Encaustic mixed media piece, Resilience by Bridgette Guerzon Mills
Bridgette Guerzon Mills | Resilience, encaustic mixed media, 14×10 inches, sold

“Nature, with its fragile yet resilient magnificence, models for us what aliveness means and reminds us that we are mortal.” ~ Maria Popova

A few years ago when I was taking my Maryland Master Naturalist classes we took a hike through a wooded area that was undergoing rehabilitation. There were huge gaps between the trees where normally you would see the layered tree tops and branches fanning out and towards each other. That day the trees stood strangely distant from each other. But they were the survivors of the blight that had hit that area. Standing strong and ready to be the canopy for the fledging trees that were already coming up. I remembered taking comfort in thinking that in a few years the gaps would be filled. This is my first encaustic mixed media piece of 2021. And it seems appropriate to title it resilience. We’ve had a tough lessons in resilience this past year. And the first two weeks of this year seems to be continuing in the same theme!

Developing resilience entails a loss, a trauma and/or a significant stressor that causes one to have to adapt, but in a way that also brings about personal growth as well as new tools to help one rebuild and carry on. I read an article about the strategies to help one develop resilience and they have to do with —connection, wellness, healthy thinking, and meaning. There are so many ways to think about these strategies and relate back to our daily lives, especially right now. I really encourage anyone having a tough time right now to read that article and go through the list and how it could relate back to yourself at this crazy time we find ourselves in. But because this blog is my art journal, I started to think about art making and resilience and thought I’d share my initial thoughts.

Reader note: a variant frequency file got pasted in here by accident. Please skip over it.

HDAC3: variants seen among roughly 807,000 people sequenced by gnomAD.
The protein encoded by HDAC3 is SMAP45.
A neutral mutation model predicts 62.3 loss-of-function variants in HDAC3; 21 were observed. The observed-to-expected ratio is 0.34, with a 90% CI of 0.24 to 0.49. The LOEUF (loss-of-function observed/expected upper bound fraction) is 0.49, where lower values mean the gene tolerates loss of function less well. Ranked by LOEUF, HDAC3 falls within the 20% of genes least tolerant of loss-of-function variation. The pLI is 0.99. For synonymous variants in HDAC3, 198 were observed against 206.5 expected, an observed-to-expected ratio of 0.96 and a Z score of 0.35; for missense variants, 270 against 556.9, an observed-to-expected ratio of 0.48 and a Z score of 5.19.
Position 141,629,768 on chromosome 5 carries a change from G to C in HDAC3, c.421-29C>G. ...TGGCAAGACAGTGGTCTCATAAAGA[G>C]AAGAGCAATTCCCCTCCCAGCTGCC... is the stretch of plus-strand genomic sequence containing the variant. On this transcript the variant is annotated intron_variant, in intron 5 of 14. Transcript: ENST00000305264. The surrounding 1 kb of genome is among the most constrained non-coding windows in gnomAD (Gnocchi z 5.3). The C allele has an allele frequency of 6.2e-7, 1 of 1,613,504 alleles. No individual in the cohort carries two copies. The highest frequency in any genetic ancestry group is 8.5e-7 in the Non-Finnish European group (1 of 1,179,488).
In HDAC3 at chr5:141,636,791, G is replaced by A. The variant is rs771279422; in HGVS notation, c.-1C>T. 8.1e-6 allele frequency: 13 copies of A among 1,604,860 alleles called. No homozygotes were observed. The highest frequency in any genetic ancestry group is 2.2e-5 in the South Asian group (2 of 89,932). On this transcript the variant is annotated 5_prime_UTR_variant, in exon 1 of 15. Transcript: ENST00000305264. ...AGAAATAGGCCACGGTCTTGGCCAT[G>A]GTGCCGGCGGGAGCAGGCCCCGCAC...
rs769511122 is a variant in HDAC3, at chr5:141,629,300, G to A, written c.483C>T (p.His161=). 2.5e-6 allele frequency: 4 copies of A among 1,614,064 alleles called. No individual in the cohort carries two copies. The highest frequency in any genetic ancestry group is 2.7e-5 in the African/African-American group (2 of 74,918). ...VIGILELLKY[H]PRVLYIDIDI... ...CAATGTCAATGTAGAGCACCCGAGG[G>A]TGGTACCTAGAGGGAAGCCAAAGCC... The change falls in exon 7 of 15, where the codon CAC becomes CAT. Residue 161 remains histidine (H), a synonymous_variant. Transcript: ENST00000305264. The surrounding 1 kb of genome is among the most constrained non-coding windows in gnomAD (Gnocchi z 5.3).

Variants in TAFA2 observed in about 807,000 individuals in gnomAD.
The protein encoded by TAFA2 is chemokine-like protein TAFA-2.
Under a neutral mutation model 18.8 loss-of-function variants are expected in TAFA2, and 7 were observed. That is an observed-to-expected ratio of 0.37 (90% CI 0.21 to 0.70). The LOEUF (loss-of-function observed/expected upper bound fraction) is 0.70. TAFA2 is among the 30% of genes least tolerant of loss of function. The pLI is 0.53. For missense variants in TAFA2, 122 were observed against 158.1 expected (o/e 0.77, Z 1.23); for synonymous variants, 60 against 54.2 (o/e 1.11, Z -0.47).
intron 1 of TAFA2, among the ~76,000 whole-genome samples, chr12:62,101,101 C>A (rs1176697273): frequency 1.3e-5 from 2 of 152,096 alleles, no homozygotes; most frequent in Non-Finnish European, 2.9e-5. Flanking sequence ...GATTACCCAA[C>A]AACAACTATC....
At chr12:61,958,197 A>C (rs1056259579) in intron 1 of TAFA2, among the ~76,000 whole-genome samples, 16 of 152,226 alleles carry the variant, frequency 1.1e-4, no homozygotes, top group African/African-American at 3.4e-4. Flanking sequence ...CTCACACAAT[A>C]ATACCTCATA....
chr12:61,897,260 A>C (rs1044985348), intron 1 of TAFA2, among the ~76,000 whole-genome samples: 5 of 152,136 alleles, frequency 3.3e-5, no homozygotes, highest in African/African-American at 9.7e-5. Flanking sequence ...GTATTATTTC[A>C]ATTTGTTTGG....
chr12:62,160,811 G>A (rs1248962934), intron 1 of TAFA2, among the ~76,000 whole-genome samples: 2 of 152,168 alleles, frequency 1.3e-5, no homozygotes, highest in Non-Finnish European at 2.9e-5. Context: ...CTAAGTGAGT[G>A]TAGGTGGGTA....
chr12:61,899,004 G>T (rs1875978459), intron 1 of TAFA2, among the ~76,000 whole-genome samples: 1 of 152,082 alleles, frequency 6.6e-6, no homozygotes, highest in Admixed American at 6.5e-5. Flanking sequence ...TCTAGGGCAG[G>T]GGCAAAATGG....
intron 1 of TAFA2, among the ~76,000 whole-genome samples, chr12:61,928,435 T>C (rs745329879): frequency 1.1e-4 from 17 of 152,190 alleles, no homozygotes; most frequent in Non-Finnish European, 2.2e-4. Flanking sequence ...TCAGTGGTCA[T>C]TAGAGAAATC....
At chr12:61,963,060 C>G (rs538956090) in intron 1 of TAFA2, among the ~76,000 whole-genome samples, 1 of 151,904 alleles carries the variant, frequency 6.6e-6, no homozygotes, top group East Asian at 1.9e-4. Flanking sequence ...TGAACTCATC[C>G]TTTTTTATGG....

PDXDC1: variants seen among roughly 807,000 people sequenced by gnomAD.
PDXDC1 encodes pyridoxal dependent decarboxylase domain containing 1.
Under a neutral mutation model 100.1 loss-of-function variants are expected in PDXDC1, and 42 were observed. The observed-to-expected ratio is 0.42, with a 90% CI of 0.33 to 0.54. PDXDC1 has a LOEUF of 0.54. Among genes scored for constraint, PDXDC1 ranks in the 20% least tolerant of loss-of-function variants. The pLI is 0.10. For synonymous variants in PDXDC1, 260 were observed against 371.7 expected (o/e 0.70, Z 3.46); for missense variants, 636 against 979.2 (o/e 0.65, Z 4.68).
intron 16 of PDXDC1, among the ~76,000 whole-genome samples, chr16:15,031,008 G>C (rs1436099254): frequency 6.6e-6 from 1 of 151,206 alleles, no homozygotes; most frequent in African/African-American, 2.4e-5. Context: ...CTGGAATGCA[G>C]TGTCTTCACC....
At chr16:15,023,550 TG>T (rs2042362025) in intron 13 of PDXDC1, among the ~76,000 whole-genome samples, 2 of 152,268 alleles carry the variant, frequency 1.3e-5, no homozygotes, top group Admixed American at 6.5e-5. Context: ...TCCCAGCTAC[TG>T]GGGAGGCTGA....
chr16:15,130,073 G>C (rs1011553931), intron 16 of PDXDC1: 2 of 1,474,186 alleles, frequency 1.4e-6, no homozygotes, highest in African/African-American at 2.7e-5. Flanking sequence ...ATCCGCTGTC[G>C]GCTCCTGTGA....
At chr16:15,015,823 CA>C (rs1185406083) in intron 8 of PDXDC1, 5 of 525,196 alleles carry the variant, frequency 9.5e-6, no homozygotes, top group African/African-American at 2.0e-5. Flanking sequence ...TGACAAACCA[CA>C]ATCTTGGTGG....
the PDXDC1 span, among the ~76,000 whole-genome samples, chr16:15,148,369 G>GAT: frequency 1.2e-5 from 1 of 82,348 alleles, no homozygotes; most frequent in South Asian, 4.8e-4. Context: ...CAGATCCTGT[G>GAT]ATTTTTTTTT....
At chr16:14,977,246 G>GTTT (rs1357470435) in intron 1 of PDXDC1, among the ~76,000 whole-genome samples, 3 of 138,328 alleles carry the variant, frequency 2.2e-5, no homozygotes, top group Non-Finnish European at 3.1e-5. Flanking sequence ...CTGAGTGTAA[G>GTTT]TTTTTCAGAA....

connection: finding a supportive art community with other creatives is so helpful, even if your community is one artist friend or if it’s online. I have found though that actually having in person (or facetime) conversations with another creative person is so very helpful, insightful, and generally uplifting.

wellness: for me, art making is part of my wellness. It truly is a way for me to process the world, take the dissonant parts and mend it and turn it into something else. The process of creating is a process in creating hope. Journaling is also part of my wellness and I am happy to report that I have journaled or blogged everyday since my birthday in December.

healthy thinking: hmm, I guess this one comes in when our work isn’t selling or upon receiving rejection from a gallery or exhibition, or if you’ve hit a creative block. It’s important to remember that there’s an ebb and flow, that our work isn’t for every show or for everyone, but there is someone out there that your work will speak to. Artists really do need to be resilient- in our work, ie to keep on going when it seems nothing is going right; and then also once the work goes out into the world- critics and rejection is part of the reality of putting one’s work out into the world. This isn’t for the faint of heart, that’s for sure. But we create because we must and we put it out in the world so that our voice can be heard/seen/felt.

meaning: this past year with the seriousness of the pandemic, I often had thoughts of – what is the point of making art at this time? But there is a point. Being creative is part of being human- it can bring us back to our emotions and it does have a way of helping others. Many years ago, Judy Wise advised me to make an artist mission statement every year as it can help guide us in our thoughts and actions. I have followed her advice through the years, but I’m still thinking on that right now for this year. Right now I’m actually just glad that I have been able to get into the studio!

Sometimes resilience is just about showing up.

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